R. K. (Rasipuram Krishnaswamy Iyer) Laxman, arguably the most well-known cartoonist of India was born on this day, 24 Oct. 1921 at Mysore. He is best known for his creation, ‘the common man’ and for his daily cartoon titled ‘You Said It’, which appeared in The Times of India from 1951 and continued for over five decades. It enjoyed a cult status. So did the common man, who featured in it. Laxman’s common man, a bald moustached man in mid-fifties, wearing a dhoti and a cheque kurta, who never spoke a word- was famous all over the world.
Besides drawing cartoons Laxman did illustrations for several publications including his brother novelist R.K.Narayan’s books, painted crows for over half a century before crippling disease made him bed ridden.
Laxman was the youngest of six sons. His father was a headmaster. Laxman was interested in drawing and illustration from childhood. As he notes in his autobiography, The Tunnel of Time: “I drew objects that caught my eye outside the window of my room – the dry twigs, leaves and lizard-like creatures crawling about, the servant chopping firewood and, of course, and number of crows in various postures on the rooftops of the buildings opposite”
Laxman’s idyllic childhood was shaken for a while when his father suffered a paralytic stroke and died around a year later, but the elders at home bore most of the increased responsibility, while Laxman continued with his schooling.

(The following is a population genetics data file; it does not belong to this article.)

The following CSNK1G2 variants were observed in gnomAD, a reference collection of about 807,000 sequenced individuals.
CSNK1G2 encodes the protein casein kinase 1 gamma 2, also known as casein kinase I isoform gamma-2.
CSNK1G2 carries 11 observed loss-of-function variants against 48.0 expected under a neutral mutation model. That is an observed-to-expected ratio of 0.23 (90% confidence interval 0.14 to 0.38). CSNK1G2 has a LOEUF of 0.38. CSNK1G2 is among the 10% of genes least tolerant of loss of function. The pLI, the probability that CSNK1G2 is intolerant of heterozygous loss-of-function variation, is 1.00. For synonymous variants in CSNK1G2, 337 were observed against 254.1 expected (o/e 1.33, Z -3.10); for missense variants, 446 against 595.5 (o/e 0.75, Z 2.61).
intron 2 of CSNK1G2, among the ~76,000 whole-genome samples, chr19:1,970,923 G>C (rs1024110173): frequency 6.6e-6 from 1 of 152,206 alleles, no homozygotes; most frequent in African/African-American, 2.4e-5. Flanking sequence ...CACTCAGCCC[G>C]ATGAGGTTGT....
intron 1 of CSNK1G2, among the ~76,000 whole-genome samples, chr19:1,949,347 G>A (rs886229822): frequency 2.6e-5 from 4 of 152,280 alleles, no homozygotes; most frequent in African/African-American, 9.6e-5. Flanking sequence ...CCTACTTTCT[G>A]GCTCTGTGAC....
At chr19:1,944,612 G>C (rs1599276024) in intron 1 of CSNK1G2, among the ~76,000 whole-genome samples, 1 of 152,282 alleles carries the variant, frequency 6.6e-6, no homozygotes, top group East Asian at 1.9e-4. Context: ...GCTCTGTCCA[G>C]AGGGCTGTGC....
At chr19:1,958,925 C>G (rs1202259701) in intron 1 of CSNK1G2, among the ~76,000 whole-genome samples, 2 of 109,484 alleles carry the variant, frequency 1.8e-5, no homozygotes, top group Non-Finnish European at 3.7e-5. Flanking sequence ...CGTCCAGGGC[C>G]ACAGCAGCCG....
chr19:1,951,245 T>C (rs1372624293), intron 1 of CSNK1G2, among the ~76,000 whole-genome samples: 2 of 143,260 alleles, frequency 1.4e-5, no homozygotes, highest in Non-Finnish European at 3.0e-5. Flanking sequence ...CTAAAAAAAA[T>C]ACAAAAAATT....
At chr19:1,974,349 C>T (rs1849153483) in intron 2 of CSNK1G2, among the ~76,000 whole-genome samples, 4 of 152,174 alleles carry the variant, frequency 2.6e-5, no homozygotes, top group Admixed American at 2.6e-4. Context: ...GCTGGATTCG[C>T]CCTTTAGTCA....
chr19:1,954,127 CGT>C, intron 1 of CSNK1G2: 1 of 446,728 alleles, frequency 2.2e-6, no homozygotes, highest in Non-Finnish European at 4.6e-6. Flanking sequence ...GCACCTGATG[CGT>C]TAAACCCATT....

After high school, Laxman applied to the J. J. School of Art, Bombay. He was refused admission as the dean of the school felt his drawings lacked, “the kind of talent to qualify for enrolment in our institution as a student”. Laxman graduated with a Bachelor of Arts from the University of Mysore.
While still at the Maharaja College of Mysore, he began to illustrate his elder brother R K Narayan’s stories in The Hindu, and drew political cartoons for the local newspapers. Laxman also drew cartoons, for the Kannada humour magazine, Koravanji.
His first full-time job was as a political cartoonist for the The Free Press Journal in Mumbai. Laxman later joined The Times of India, beginning a career that spanned for over fifty years.
In his long and illustrious career, Laxman had played with every shade of humour — wit, satire, irony, slapstick, buffoonery, tragicomedy, but had never hit anyone below the belt. And that made him India’s most beloved cartoonist.
Laxman was also known for his distinctive illustrations in several books, most notably for the Malgudi stories written by his elder brother R.K. Narayan, which was later made as a serial directed by Shankar Nag. He also created a popular mascot for the Asian Paints group called Gattu.
Among his published books are: Brushing Up the Years, (2008), Collected Writings (2003), Distorted Mirror (2004), Hotel Riviera (India) (1989), Laugh With Laxman (1999), Laughter Lines (2002), The Messenger (1993), Servants of India (2000), Tunnel of Time (1998) and Vote for Laughter (2003).
He was conferred the Padma Bhusan and the Padma Vibhusan, the second highest civilian award in India. He won Ramon Magsaysay award for Journalism, Literature and Creative Communication Arts in 1984. The Indian Express Group conferred B.D. Goenka Award and Hindustan Times conferred Durga Ratan Gold Medal. He died on 26 January 2015.
Ganesh Shankar ‘Vidyarthi’
Ganesh Shankar “Vidyarthi” was just 40 years old when, on March 25, 1931, he was killed while trying to rescue people during a communal riot in Kanpur, his karmabhoomi. Mahatma Gandhi had described it as a “shaandar” (glorious) death, one he envied. “Writer, editor, publisher, activist, elected representative, friend to young revolutionaries and, ultimately, a man of his word – Vidyarthi represents”, as Annie Zaidi writes “both, an ideal and a dilemma for journalists.”